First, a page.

Perhaps it was the entertainment threshold that Eastern Condors, with its anti-imperial grace notes, did not clear on its release, when Hong Kong audiences initially dismissed it (S. C. Dacy, personal communication, 28 December 1992). One common reaction, apparently, was to reject the film's premise—the commando team—as being too Western, a military action that was simply unbelievable in a Chinese context, with Chinese stars. The film, under this logic, simply deviated too far from the martial arts origins of Hong Kong action films. At the same time, it was that very setup that permitted the expression of chafing under cultural colonialism that marks the film and that has contributed to its cult success.
The choices for imitation and transformation in Eastern Condors bespeak the peculiar historical conditions of the Hong Kong colony in a moment of anxiety-laden transition. It would be interesting to pursue the question of genre parody in other cross-cultural permutations, to see what is fashioned when Hollywood, seen as a cultural dominator, is remade in one's own image.
In addition, the Hong Kong film industry may be pioneering a new phase in global cinema. In the nineties, Hong Kong films became filmfest fashion in the West, and Hong Kong directors—notably John Woo—have won U.S. studio contracts. Hong Kong cinema, itself a pastiche product, may now become the inspiration for tomorrow's Hollywood hits.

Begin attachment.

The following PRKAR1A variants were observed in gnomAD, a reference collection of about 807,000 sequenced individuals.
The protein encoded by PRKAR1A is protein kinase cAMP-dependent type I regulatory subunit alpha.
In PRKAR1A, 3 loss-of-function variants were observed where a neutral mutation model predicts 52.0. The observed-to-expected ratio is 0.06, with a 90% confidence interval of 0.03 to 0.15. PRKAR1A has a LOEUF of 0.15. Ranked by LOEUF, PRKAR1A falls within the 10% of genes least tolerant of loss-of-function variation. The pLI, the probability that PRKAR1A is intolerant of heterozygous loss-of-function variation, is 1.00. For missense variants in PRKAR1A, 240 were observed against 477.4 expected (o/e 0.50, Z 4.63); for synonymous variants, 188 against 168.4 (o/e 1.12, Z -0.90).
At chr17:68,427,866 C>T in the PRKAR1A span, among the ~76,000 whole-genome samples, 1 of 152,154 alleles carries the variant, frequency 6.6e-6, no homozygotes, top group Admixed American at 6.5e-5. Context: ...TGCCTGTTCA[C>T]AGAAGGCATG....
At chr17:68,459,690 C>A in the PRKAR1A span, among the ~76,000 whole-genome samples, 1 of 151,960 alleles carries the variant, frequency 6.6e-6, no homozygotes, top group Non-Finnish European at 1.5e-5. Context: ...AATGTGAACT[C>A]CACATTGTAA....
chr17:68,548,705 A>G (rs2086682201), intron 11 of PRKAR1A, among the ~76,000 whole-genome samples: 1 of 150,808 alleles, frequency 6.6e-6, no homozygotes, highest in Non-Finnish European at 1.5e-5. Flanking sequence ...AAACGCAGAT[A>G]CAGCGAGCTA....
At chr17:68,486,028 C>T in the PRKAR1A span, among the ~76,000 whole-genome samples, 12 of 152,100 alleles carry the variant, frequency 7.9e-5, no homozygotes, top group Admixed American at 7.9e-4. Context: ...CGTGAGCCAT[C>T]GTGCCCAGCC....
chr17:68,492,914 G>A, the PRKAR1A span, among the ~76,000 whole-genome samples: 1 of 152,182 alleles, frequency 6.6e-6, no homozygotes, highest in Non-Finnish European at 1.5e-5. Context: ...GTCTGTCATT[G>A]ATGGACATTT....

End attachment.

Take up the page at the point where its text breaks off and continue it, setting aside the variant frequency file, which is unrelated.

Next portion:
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Modernity and Postmaternity:
High Heels and Imitation of Life
Remaking a Remake
Reappropriating existing representations . . . and putting them into new and ironic contexts is a typical form of postmodern . . . critique.
Linda Hutcheon, The Politics of Postmodernism
Pedro Almodovar's High Heels (Tacones Lejanos, 1991) is a work that might be placed within the emerging genre of "postmodern" film. In fact, a review of it by Roger Ebert notes how "the writers of New York weeklies" regularly link that term to the film's director. As Linda Hutcheon makes clear, one of the hallmarks of the postmodern aesthetic is its radical intertextuality—its tendency to quote and recycle tropes and thematics from the discursive past.
Almodovar has acknowledged this inclination. He has deemed himself a creative "mirror with a thousand faces" that "reflect[s] everything around [him]" (Morgan, 28). While admitting a penchant for homage, he notes his citations are not the "tributes of a cinephile." Rather, they arise "in a lively and active way" as organic features of the text (Morgan, 28).